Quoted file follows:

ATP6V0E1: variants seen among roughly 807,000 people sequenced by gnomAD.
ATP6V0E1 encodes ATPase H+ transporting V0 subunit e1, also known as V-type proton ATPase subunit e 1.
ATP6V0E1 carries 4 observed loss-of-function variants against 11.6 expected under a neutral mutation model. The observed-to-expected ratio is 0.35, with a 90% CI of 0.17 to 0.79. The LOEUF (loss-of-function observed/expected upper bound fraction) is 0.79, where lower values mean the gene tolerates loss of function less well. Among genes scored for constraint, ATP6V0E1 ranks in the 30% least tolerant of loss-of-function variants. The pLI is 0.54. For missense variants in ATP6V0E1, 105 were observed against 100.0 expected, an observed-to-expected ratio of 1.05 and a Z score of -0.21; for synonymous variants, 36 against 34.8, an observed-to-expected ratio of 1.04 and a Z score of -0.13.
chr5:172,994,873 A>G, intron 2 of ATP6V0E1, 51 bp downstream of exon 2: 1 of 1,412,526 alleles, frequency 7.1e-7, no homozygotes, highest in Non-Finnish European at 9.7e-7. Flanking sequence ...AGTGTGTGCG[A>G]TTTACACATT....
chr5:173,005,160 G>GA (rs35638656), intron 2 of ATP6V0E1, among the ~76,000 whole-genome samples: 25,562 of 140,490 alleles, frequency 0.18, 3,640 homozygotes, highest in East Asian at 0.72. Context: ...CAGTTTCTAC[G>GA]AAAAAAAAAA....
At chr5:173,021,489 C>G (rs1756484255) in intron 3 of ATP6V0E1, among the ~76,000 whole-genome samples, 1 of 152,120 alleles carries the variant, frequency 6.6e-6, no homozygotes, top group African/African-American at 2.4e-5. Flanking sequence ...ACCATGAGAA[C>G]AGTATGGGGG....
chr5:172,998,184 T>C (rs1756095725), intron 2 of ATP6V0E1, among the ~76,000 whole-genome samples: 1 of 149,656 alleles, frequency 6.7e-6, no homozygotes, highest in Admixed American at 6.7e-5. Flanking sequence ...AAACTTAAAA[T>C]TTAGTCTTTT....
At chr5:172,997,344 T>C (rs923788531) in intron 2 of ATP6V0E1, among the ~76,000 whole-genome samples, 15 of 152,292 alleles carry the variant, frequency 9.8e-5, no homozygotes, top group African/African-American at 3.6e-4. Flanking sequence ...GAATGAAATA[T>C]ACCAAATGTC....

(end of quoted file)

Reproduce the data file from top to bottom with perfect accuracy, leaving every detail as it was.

ATP6V0E1: variants seen among roughly 807,000 people sequenced by gnomAD.
ATP6V0E1 encodes ATPase H+ transporting V0 subunit e1, also known as V-type proton ATPase subunit e 1.
ATP6V0E1 carries 4 observed loss-of-function variants against 11.6 expected under a neutral mutation model. The observed-to-expected ratio is 0.35, with a 90% CI of 0.17 to 0.79. The LOEUF (loss-of-function observed/expected upper bound fraction) is 0.79, where lower values mean the gene tolerates loss of function less well. Among genes scored for constraint, ATP6V0E1 ranks in the 30% least tolerant of loss-of-function variants. The pLI is 0.54. For missense variants in ATP6V0E1, 105 were observed against 100.0 expected, an observed-to-expected ratio of 1.05 and a Z score of -0.21; for synonymous variants, 36 against 34.8, an observed-to-expected ratio of 1.04 and a Z score of -0.13.
chr5:172,994,873 A>G, intron 2 of ATP6V0E1, 51 bp downstream of exon 2: 1 of 1,412,526 alleles, frequency 7.1e-7, no homozygotes, highest in Non-Finnish European at 9.7e-7. Flanking sequence ...AGTGTGTGCG[A>G]TTTACACATT....
chr5:173,005,160 G>GA (rs35638656), intron 2 of ATP6V0E1, among the ~76,000 whole-genome samples: 25,562 of 140,490 alleles, frequency 0.18, 3,640 homozygotes, highest in East Asian at 0.72. Context: ...CAGTTTCTAC[G>GA]AAAAAAAAAA....
At chr5:173,021,489 C>G (rs1756484255) in intron 3 of ATP6V0E1, among the ~76,000 whole-genome samples, 1 of 152,120 alleles carries the variant, frequency 6.6e-6, no homozygotes, top group African/African-American at 2.4e-5. Flanking sequence ...ACCATGAGAA[C>G]AGTATGGGGG....
chr5:172,998,184 T>C (rs1756095725), intron 2 of ATP6V0E1, among the ~76,000 whole-genome samples: 1 of 149,656 alleles, frequency 6.7e-6, no homozygotes, highest in Admixed American at 6.7e-5. Flanking sequence ...AAACTTAAAA[T>C]TTAGTCTTTT....
At chr5:172,997,344 T>C (rs923788531) in intron 2 of ATP6V0E1, among the ~76,000 whole-genome samples, 15 of 152,292 alleles carry the variant, frequency 9.8e-5, no homozygotes, top group African/African-American at 3.6e-4. Flanking sequence ...GAATGAAATA[T>C]ACCAAATGTC....